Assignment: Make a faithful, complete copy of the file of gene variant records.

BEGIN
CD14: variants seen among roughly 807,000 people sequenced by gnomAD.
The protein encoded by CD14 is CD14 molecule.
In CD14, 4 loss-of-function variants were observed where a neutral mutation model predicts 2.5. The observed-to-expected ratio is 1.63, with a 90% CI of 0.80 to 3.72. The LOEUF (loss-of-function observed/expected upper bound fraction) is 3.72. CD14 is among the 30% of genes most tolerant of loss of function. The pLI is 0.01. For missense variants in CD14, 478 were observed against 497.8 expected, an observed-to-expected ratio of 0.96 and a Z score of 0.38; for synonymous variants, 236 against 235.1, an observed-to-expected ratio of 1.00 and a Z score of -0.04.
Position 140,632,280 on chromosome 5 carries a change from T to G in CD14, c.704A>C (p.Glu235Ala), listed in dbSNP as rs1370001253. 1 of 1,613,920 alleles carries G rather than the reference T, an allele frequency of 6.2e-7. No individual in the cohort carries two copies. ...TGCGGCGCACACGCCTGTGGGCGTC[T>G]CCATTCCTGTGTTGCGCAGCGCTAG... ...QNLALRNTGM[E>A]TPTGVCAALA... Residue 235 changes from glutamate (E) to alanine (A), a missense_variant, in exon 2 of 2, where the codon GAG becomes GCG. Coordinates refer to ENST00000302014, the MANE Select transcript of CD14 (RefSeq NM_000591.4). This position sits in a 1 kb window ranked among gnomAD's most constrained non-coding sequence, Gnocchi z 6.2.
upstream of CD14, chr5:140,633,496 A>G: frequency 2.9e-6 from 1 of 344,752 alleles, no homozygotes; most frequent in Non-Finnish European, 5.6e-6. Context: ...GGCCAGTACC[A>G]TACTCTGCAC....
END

CD14: variants seen among roughly 807,000 people sequenced by gnomAD.
The protein encoded by CD14 is CD14 molecule.
In CD14, 4 loss-of-function variants were observed where a neutral mutation model predicts 2.5. The observed-to-expected ratio is 1.63, with a 90% CI of 0.80 to 3.72. The LOEUF (loss-of-function observed/expected upper bound fraction) is 3.72. CD14 is among the 30% of genes most tolerant of loss of function. The pLI is 0.01. For missense variants in CD14, 478 were observed against 497.8 expected, an observed-to-expected ratio of 0.96 and a Z score of 0.38; for synonymous variants, 236 against 235.1, an observed-to-expected ratio of 1.00 and a Z score of -0.04.
Position 140,632,280 on chromosome 5 carries a change from T to G in CD14, c.704A>C (p.Glu235Ala), listed in dbSNP as rs1370001253. 1 of 1,613,920 alleles carries G rather than the reference T, an allele frequency of 6.2e-7. No individual in the cohort carries two copies. ...TGCGGCGCACACGCCTGTGGGCGTC[T>G]CCATTCCTGTGTTGCGCAGCGCTAG... ...QNLALRNTGM[E>A]TPTGVCAALA... Residue 235 changes from glutamate (E) to alanine (A), a missense_variant, in exon 2 of 2, where the codon GAG becomes GCG. Coordinates refer to ENST00000302014, the MANE Select transcript of CD14 (RefSeq NM_000591.4). This position sits in a 1 kb window ranked among gnomAD's most constrained non-coding sequence, Gnocchi z 6.2.
upstream of CD14, chr5:140,633,496 A>G: frequency 2.9e-6 from 1 of 344,752 alleles, no homozygotes; most frequent in Non-Finnish European, 5.6e-6. Context: ...GGCCAGTACC[A>G]TACTCTGCAC....